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Walt Would Approve
on October 18, 2003
Recently, I saw Albert Brooks on Late Night with David Letterman, talking about Finding Nemo. Brooks, who stars as the voice of Marlon, the daddy fish, had taken his son (who, I believe was about five years old, the equivalent human age of Nemo), to the premiere. After about five minutes, Brooks said his son leaned over to him, and quietly said, the way a grownup might, "I cannot watch this movie," and walked out. Late in the movie, the son returned, having obviously been crying. Leaning over, Brooks assured his son, "You are not Nemo."
Such is the power of this fish story about father and son clownfish who become separated, and must struggle to find their way back to each other. Marlon is a loving but neurotic and overprotective father; Nemo is a frustrated young fish who wants to be independent and see the world, and resents his father for preventing him from doing so. We see an ocean (read: the world) that is a terrible, heartless, and yet joyous place that we frail fish must confront, as best we can, because there's no alternative.
The animation was done by the wonderful folks from Pixar, who are the closest thing to the reincarnation of Walt Disney. There is simply no comparison between the animation of the typical, visually flat, politically correct, contemporary animated movie (many of which are produced by Walt Disney Pictures!) and Nemo. In Nemo, the ocean floor looks like the ocean. And the characters are all ... characters. They are all physically distinctive, wonderfully written, and performed by gifted actors who - if you'll pardon the cliché - will alternately make you laugh and cry. Of particular note are Barry Humphries as Bruce the Shark, Geoffrey Rush as Nigel the Pelican, Willem Dafoe as Gill, Allison Janney as Peach, and of course, young Alexander Gould as Nemo. Ellen Degeneres, in particular, steals every scene she's in, as Dory, a gregarious fish whose memory leaks like a sieve. But this is Albert Brooks' movie. The Academy should give this man a special Oscar for the most moving voice work my wife and I have ever heard.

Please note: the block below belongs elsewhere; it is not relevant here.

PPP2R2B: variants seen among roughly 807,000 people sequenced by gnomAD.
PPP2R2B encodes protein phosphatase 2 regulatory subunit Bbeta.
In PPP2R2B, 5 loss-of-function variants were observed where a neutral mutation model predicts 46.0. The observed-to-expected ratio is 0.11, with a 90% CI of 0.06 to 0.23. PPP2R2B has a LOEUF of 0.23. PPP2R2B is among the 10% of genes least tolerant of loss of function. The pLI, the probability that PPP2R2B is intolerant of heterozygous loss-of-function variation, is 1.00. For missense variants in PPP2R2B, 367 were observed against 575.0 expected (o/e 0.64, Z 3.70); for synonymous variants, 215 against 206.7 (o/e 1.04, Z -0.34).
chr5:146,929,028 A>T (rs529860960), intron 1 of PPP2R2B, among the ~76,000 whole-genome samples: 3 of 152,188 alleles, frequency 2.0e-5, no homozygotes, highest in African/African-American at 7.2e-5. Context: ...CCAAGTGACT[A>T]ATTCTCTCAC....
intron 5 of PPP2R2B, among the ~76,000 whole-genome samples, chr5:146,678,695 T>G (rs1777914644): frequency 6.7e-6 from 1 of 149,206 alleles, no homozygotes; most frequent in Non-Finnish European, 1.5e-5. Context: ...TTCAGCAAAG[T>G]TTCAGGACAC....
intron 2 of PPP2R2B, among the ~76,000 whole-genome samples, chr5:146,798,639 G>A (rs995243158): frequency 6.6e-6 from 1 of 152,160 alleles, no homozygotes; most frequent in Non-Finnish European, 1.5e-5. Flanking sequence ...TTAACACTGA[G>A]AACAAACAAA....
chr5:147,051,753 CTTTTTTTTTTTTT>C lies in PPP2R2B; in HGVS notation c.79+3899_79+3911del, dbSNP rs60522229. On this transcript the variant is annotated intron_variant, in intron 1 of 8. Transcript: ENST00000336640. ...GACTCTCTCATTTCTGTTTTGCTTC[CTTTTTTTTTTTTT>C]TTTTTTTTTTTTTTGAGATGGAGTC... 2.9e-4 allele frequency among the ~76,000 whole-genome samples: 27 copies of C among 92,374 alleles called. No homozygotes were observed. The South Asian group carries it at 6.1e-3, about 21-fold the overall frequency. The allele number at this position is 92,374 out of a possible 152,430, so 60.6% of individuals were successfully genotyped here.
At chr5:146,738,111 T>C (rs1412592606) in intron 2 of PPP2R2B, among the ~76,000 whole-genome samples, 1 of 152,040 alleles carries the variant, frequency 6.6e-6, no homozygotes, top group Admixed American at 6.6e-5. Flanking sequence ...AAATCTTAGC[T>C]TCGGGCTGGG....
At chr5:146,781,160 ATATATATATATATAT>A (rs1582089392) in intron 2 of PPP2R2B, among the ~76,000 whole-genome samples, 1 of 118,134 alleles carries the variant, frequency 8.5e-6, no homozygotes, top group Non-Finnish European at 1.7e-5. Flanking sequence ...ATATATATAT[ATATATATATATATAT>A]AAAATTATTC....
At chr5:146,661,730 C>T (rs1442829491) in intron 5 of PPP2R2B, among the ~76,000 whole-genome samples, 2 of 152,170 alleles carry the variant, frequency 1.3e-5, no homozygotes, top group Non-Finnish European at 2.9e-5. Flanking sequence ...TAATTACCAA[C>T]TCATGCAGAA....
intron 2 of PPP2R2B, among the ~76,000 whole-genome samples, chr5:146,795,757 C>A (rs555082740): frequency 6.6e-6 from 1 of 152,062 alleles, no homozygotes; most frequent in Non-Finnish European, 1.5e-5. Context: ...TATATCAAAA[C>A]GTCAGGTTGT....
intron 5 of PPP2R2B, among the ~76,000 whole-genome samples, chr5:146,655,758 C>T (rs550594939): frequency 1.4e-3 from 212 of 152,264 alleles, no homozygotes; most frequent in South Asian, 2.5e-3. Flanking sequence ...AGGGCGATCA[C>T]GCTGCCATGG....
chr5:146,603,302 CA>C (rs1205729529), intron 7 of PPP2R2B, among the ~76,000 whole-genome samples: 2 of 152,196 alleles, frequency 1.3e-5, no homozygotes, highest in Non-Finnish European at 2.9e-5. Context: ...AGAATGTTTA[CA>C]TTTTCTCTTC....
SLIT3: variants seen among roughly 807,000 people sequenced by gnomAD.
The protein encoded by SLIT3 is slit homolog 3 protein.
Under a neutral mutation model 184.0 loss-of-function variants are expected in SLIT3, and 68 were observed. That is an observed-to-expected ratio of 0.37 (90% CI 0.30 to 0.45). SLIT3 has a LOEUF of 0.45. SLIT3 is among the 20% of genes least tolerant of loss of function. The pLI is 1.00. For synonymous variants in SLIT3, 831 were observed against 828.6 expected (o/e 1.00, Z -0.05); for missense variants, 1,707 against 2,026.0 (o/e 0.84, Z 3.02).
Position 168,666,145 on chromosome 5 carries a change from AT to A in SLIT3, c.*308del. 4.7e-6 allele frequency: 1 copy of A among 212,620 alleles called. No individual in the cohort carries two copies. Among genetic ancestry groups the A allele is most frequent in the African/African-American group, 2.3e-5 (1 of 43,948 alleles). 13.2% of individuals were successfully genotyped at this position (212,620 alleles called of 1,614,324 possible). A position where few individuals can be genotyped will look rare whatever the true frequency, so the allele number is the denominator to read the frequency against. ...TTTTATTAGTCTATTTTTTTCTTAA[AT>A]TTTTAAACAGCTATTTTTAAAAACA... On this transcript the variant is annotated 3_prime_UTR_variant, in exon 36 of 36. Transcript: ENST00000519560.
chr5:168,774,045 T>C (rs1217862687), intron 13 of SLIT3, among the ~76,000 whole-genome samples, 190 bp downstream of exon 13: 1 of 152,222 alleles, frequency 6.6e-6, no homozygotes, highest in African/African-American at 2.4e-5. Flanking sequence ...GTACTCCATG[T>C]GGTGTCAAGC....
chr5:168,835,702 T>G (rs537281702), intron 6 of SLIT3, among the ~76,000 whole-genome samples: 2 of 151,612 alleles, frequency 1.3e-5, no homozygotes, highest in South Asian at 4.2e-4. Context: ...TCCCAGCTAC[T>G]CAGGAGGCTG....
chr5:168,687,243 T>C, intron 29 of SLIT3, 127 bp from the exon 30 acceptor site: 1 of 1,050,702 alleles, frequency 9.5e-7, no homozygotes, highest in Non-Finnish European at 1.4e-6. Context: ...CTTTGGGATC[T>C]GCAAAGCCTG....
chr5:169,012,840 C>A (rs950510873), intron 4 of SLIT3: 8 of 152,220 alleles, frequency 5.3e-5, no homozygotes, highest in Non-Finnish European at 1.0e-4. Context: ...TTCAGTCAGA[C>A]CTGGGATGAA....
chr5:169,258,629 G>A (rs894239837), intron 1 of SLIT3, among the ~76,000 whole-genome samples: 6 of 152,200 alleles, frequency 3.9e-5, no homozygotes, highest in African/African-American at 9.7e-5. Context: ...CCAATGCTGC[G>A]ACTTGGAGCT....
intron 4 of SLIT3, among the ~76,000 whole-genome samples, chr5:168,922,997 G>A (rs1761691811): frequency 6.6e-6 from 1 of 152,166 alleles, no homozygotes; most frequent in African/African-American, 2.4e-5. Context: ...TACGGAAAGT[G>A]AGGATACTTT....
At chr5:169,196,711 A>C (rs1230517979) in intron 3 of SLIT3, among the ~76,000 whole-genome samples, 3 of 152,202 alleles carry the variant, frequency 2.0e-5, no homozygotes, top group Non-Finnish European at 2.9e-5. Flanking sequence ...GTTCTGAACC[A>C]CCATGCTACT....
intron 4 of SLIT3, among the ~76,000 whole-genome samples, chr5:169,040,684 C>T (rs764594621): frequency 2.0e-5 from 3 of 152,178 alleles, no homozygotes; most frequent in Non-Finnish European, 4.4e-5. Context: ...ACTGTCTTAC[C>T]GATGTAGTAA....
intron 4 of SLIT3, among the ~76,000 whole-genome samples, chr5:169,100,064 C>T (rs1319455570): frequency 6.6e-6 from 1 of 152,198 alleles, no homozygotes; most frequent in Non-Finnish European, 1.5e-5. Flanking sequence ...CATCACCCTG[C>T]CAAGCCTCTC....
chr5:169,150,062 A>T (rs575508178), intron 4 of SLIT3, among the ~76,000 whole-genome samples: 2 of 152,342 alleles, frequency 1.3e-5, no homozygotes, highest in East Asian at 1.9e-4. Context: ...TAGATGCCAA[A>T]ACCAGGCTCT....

Thomas Newman, of the musical Newman clan (Alfred, Lionel, Randy) has produced a score that is subtle and unobtrusive much of the time, but at dramatic moments takes over, and is more impressive, with repeated viewings. He deserves his fifth Oscar nomination for Nemo.
Andrew Stanton's (Toy Story, Monsters, Inc.) screenplay, written with Bob Peterson and David Reynolds, brims with intelligence and wit (e.g., in an AA-style group of recovering - and frequently lapsing - sharks, the members intone, "I am a nice shark, not an eating machine.... Fish are friends, not food"), and Stanton's direction does not waste a scene. Every moment in Nemo will either charm you or move you. In fact, as my wife remarked, for all of its many comic scenes, this is one of the most moving movies you'll ever see. We've already seen it several times with our three-and-a-half-year-old son, who loves it, and yet with each new viewing, we notice things we'd previously missed.
Though I wish Nemo would win all of the big Oscars (Best Picture, Director, Screenplay), I doubt Academy voters will choose it over its live-action competition. And yet, I will be very surprised, if a better picture -- live action or animated -- is released this year. Finding Nemo is truly a find.
Originally published in The Critical Critic, October 17, 2003.